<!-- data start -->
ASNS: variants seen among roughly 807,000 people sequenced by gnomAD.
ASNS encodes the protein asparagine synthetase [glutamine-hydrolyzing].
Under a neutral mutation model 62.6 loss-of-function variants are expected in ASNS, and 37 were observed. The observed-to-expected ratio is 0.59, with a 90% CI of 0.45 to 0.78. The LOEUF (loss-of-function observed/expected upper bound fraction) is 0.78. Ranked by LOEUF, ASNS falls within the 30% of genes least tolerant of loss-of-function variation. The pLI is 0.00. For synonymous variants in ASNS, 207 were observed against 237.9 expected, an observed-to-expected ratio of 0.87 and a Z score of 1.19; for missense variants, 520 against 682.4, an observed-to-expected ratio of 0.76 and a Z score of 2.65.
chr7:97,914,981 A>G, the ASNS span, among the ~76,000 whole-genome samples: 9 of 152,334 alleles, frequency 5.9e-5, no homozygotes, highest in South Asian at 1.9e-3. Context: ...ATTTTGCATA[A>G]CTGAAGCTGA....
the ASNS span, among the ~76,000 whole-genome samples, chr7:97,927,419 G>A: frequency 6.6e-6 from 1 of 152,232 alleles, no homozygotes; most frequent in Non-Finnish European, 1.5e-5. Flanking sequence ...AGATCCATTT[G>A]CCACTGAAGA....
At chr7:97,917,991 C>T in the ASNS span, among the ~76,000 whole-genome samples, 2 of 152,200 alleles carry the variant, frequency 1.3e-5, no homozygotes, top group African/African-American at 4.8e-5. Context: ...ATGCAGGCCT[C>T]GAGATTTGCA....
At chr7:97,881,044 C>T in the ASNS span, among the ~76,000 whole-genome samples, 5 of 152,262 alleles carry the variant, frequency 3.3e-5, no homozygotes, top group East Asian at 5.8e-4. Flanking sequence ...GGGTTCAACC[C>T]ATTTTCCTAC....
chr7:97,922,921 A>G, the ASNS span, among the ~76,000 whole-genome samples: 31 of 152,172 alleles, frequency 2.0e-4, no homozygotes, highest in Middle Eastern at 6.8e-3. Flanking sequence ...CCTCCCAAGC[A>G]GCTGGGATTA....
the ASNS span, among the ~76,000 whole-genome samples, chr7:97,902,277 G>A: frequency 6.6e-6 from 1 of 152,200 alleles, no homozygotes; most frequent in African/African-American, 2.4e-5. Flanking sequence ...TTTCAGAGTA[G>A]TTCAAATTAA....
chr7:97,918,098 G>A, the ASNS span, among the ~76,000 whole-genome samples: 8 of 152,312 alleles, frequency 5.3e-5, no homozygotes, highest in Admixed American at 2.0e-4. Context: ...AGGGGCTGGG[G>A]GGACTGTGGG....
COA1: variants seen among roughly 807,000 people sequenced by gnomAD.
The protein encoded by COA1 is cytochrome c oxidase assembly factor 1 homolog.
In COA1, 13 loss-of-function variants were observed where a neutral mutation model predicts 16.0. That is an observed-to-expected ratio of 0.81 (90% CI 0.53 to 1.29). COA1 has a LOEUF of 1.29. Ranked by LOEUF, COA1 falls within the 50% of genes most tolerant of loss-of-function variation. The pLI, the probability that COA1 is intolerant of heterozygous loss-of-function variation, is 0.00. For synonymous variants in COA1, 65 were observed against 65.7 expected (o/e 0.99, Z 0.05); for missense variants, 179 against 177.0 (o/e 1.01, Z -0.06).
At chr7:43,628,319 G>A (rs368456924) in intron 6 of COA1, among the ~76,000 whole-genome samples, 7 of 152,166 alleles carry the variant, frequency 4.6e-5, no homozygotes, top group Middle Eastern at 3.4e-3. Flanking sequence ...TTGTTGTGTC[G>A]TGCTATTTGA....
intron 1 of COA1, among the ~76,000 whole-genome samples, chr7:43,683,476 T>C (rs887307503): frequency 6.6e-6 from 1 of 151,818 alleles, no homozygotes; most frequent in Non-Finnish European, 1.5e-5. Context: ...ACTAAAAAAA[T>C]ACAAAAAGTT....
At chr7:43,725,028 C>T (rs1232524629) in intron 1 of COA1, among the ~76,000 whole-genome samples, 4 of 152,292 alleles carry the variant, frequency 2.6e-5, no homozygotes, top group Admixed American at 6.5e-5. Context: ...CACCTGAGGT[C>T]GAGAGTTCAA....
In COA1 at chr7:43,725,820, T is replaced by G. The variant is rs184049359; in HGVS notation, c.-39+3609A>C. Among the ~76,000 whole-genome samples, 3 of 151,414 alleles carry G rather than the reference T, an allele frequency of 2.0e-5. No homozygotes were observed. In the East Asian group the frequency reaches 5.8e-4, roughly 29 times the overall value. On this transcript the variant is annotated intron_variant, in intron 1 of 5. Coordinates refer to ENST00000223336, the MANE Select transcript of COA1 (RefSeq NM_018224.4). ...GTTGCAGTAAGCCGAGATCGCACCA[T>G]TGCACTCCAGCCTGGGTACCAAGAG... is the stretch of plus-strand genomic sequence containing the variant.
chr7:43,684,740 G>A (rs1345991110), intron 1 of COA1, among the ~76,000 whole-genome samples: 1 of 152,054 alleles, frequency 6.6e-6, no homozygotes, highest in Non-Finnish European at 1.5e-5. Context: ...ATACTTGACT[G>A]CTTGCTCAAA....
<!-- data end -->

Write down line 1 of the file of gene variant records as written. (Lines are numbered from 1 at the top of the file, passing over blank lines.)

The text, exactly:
ASNS: variants seen among roughly 807,000 people sequenced by gnomAD.